Michael Jordan played during a time when social media didn’t exist, something the NBA legend is very thankful to this day when comparing his career to Tiger Woods’.
The digital age has had a massive effect on the way sports, games, and most importantly players are covered and looked at. People are free to write, Tweet, or post whatever they want about whoever they wish.
There are, of course, both ups and downs to this, but Michael Jordan is definitely happy that he didn’t have to deal with all the ‘toxicity’ and pressure social media has brought upon athletes in the current era of sports.
Michael Jordan on today’s athletes and the social-media era:
“For someone like myself, I don’t know if I could’ve survived in this Twitter [era], where you don’t have the privacy you’d want and what seems to be very innocent can always be misinterpreted.” https://t.co/rOi0lzwr0A
— Hoop Central (@TheHoopCentral) July 28, 2021
Michael Jordan Speaks Up About How Social Media Could Have Altered His Career And How Tiger Woods Dealt With It
Jordan played much before social media took off, and he is extremely happy about that fact. In an interview with Cigar Aficionado, Jordan revealed how he felt about this notion, even brining up Tiger Woods in his answers:
“Tiger [Woods] played at his peak somewhere toward the end of my career. Then, what changed from that time-frame to now is social media — Twitter and all those types of things. And that has invaded the personalities and personal time of individuals. It’s to the point where some people have been able to utilize it to their financial gain and things of that nature. But for someone like myself — and this is what Tiger deals with — I don’t know if I could’ve survived in this Twitter [era], where you don’t have the privacy that you’d want and what seems to be very innocent can always be misinterpreted.”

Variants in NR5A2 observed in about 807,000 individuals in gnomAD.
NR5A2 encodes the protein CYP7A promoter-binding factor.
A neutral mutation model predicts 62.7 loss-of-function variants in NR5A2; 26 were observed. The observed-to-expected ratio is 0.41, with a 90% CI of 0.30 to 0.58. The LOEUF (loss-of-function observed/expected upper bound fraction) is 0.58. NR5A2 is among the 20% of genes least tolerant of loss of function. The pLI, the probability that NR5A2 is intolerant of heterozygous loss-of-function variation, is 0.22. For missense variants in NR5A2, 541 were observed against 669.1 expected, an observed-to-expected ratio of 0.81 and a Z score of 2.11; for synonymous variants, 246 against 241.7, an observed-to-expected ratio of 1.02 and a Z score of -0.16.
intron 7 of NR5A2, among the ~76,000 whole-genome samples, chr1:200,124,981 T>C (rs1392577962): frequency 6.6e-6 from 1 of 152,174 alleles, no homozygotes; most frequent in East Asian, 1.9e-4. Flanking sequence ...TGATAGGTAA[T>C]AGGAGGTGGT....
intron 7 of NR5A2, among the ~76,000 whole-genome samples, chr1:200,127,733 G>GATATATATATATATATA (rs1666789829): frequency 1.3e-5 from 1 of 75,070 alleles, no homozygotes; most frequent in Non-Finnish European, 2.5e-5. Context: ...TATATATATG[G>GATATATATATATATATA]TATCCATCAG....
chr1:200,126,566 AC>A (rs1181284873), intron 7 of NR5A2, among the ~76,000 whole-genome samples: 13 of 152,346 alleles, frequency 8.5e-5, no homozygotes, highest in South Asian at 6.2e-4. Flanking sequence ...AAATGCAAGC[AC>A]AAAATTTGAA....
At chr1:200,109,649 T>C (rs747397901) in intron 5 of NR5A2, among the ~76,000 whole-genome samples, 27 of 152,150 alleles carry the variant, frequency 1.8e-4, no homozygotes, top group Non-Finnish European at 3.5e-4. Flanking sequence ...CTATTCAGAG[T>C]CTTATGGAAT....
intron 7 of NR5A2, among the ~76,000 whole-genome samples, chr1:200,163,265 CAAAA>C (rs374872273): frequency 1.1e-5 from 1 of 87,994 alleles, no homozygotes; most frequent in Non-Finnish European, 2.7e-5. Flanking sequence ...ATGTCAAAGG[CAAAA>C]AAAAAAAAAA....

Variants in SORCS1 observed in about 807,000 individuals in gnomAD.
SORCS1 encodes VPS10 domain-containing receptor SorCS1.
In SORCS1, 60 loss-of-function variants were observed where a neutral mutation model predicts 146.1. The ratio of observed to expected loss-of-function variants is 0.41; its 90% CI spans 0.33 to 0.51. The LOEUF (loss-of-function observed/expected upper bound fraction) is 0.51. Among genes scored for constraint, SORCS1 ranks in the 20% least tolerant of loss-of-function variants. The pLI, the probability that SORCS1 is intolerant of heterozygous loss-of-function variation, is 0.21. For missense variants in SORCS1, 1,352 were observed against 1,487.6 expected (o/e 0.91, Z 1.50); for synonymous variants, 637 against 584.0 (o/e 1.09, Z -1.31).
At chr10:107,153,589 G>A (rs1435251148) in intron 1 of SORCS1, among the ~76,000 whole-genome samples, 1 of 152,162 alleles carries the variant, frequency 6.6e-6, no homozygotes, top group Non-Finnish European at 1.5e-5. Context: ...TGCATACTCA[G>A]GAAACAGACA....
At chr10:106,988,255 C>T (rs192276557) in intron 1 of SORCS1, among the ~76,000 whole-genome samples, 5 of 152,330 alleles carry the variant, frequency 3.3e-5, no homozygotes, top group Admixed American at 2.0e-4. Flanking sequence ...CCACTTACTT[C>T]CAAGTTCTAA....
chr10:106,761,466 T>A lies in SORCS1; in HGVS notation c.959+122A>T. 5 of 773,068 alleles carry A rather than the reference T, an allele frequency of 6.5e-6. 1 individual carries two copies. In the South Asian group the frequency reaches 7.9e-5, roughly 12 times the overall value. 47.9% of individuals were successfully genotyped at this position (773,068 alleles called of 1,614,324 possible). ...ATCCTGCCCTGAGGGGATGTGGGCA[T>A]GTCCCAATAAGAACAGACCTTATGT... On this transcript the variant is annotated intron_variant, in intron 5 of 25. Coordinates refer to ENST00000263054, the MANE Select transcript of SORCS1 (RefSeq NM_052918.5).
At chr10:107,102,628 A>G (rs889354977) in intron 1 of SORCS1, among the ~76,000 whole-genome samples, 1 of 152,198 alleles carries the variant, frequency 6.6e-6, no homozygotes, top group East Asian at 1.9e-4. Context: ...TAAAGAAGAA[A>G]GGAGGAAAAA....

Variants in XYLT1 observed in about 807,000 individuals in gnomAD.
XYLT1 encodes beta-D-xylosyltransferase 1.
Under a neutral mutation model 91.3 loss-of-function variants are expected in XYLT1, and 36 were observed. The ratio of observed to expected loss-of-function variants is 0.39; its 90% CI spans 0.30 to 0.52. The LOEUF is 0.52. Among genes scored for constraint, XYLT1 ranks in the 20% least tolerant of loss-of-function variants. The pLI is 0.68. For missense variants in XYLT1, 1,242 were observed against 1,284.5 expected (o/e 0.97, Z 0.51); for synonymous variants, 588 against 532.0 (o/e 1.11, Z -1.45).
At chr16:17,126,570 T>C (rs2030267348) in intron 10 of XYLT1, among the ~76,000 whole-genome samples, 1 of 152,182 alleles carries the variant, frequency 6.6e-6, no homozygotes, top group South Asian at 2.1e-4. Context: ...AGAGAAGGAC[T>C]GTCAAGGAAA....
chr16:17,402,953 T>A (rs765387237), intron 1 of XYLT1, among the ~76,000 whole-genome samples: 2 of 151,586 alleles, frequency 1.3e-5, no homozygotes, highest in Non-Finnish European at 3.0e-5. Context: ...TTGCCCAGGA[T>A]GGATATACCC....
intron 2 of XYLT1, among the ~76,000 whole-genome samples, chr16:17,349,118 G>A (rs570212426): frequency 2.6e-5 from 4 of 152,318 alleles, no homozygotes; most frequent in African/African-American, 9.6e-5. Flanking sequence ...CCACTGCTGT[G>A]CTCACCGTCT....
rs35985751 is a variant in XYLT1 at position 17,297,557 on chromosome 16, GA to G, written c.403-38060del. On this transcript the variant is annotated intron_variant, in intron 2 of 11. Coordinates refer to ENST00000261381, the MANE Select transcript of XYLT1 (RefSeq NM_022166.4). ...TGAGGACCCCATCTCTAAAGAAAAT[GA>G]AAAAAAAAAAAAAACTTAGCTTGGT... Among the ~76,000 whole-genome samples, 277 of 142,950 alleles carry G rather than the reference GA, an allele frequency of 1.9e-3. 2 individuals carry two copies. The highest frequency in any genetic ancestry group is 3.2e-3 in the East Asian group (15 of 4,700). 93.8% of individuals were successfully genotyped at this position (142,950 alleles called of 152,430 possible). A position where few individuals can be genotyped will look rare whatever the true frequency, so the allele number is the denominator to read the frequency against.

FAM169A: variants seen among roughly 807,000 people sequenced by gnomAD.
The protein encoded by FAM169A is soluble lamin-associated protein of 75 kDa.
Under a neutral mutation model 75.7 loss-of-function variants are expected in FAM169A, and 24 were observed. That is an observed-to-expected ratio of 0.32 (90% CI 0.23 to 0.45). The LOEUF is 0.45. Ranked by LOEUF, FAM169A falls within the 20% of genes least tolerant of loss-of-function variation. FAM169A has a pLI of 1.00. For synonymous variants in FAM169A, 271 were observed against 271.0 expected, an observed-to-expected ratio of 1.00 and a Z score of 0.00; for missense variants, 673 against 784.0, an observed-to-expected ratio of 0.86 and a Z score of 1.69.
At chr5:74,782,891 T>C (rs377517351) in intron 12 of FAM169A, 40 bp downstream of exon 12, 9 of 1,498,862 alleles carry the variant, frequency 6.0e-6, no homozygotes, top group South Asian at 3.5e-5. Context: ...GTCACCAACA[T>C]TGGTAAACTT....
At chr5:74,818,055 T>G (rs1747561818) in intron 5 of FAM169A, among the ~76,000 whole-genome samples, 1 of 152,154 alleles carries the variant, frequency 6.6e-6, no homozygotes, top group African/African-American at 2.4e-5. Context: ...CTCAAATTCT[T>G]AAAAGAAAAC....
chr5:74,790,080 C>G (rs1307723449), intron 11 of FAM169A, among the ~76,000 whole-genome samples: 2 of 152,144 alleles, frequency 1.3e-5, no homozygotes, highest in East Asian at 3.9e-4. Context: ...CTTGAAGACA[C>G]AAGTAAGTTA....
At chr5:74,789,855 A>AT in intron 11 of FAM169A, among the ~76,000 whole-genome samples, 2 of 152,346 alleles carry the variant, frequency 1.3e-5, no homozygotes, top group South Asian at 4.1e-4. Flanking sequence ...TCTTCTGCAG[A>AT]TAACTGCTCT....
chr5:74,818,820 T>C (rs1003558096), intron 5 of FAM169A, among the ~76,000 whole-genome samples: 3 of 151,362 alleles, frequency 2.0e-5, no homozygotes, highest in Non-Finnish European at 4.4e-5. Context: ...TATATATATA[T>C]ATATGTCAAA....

You can watch the full interview here:
Several current day NBA players have also spoken up about how social media has made for a very dark and troubling environment in the league. J.J. Reddick would say:
“It’s a dark place. It’s not a healthy place. It’s not real. It’s not a healthy place for ego — if we’re talking about some Freudian sh*t.”
Kelly Oubre would also add:
“I hate it. It’s a generational thing, I would say for sure. It’s something that I really don’t like — the stereotype about my generation.”
Indeed, one of the biggest shortcomings of social media is the adverse effect it has on the minds of people. Sitting through and reading negative comments, posts, or whatever else can become very troubling.
More than that, there are always people who find a way to mix up stories and portray a convoluted sense of what actually happened, just like Jordan mentioned.
Players are often torn apart, and the mental effects can be severe. It’s probably why Jordan feels like he couldn’t survive in this era as the game was completely free of the madness that is NBA Twitter back then.